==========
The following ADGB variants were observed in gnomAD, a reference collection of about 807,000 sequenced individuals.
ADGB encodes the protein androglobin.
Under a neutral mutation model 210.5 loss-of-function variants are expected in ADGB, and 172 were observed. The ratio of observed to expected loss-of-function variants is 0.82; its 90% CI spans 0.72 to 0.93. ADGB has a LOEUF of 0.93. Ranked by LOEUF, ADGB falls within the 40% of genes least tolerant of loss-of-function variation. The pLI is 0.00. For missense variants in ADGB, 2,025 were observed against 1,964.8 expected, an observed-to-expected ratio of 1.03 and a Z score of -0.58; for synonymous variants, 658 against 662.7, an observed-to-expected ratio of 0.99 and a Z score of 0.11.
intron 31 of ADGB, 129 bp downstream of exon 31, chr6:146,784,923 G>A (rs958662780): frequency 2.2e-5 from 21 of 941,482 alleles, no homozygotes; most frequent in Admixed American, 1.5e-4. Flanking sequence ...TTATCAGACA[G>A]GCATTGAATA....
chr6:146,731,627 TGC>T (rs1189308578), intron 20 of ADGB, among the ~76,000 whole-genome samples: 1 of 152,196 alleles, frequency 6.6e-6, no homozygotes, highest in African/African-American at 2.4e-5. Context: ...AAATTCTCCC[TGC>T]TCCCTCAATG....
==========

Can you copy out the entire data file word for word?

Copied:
The following ADGB variants were observed in gnomAD, a reference collection of about 807,000 sequenced individuals.
ADGB encodes the protein androglobin.
Under a neutral mutation model 210.5 loss-of-function variants are expected in ADGB, and 172 were observed. The ratio of observed to expected loss-of-function variants is 0.82; its 90% CI spans 0.72 to 0.93. ADGB has a LOEUF of 0.93. Ranked by LOEUF, ADGB falls within the 40% of genes least tolerant of loss-of-function variation. The pLI is 0.00. For missense variants in ADGB, 2,025 were observed against 1,964.8 expected, an observed-to-expected ratio of 1.03 and a Z score of -0.58; for synonymous variants, 658 against 662.7, an observed-to-expected ratio of 0.99 and a Z score of 0.11.
intron 31 of ADGB, 129 bp downstream of exon 31, chr6:146,784,923 G>A (rs958662780): frequency 2.2e-5 from 21 of 941,482 alleles, no homozygotes; most frequent in Admixed American, 1.5e-4. Flanking sequence ...TTATCAGACA[G>A]GCATTGAATA....
chr6:146,731,627 TGC>T (rs1189308578), intron 20 of ADGB, among the ~76,000 whole-genome samples: 1 of 152,196 alleles, frequency 6.6e-6, no homozygotes, highest in African/African-American at 2.4e-5. Context: ...AAATTCTCCC[TGC>T]TCCCTCAATG....